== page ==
イギリス人 user synonym "British" not accepted?

I personally had this synonym added myself, because I’m too lazy to write the word “person” too, when it’s obvious to me…

Is “British” instead one of the “secret”, hidden, dis-allowed synonyms on the WK hitlist? If so, then it shouldn’t have accepted the user synonym on the item page when I made it! Yes, it could potentially refer to something that is イギリス的 — British-like, but I know with 人 there it is a person. Also, what about the famous mis-quote of Paul Revere’s: “The British are coming! The British are coming!” He meant British people, not furniture, or tea!

… So… is this a bug, or one of those buzzer words?

Anyway, that’s my complaint/inquiry. Oh well. Guess the easy word is going back in the pile for a bit longer. I have lifetime, so it’s not the biggest deal.

EDIT: I meant: Is British on the synonym blacklist, and if so, why did WK accept it as a user-synonym in the first place? (Or, is this a bug? Either way, I believe this is something that should be fixed.)

4 Likes

I am mad bri’ish isn’t acceptable!!

6 Likes

And how British people turn a TH into an F sound!

I think “British” as a name for a person from the UK falls enough outside common usage to not justify it being acceptable. I haven’t ever really heard people saying “I met a British the other day”. “The British” could be okay since it’s commonly used, but it’s the same with French. You can’t really say “He’s a French” like you can with American, Italian, Finn, Russian, etc.

I don’t know about blacklisted words being accepted as user synonyms though, they shouldn’t be, but to my knowledge I’ve never been blocked from adding a synonym because it’s on a blacklist (although you should be).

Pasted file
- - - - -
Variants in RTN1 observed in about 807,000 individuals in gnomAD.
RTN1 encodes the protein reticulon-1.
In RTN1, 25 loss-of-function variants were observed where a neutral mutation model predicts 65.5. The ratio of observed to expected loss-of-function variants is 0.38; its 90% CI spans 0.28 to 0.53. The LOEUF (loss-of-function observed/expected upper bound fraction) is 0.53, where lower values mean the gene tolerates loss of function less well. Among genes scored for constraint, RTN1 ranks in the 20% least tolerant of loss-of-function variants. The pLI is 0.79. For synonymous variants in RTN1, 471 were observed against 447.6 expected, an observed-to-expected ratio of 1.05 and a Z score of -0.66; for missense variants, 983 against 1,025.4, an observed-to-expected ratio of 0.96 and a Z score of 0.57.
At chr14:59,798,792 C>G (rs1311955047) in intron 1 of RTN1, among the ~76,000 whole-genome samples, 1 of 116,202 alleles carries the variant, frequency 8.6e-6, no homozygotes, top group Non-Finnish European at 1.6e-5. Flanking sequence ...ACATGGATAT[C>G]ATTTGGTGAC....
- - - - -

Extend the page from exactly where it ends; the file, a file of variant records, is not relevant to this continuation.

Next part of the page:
6 Likes

That’s not my point, @Wantitled ! It’s not about the grammar here, I made it a synonym, WK accepted it as such, and then in the review, it wasn’t accepted!

Of course I don’t speak like that. It’s just faster than writing out “British person”… 'cause I almost never think “Brit” singular. I only ever think of “The Brits” and even then, very rarely.

3 Likes

but you can say “He’s french” or “She’s British.”

8 Likes

You would however say “He’s British” or “He’s French.” Both are commonly used as a much quicker thing to say over “He’s a British person” or “He’s a French Person.” Or to get overly formal, “He is a French/British person.”

9 Likes

Yeah, this was my point.

And you could also say “I met someone British the other day”… rather than “I met a British person the other day”… It does happen. And there’s “He’s an American” versus “He’s American” too.

So… Argh on the semantics. XD

This was really mainly about the user synonym being accepted but then clearly not working.

EDIT: Also thank you. Blacklisted was the word I was looking for in my OP.

1 Like

Okay my apologies I’ve seen people arguing for incorrect English before so I jumped to conclusions.

I feel like I had a reason for the difference in my head when I was writing that but I have no idea what it is so I’m inclined to agree with you, I don’t know why they don’t accept it then

6 Likes

でしょう?

And I’m sorry I jumped so hard on the “but I know my Grammar!” defense. It felt a bit like an insult to my intelligence, and I lashed out. Even though you’re such a lovely person, and I should have known you didn’t mean it that way (I mean, I didn’t finish reading your post before I slammed back with a post myself! That’s a bit irrational of me… ^^;; ).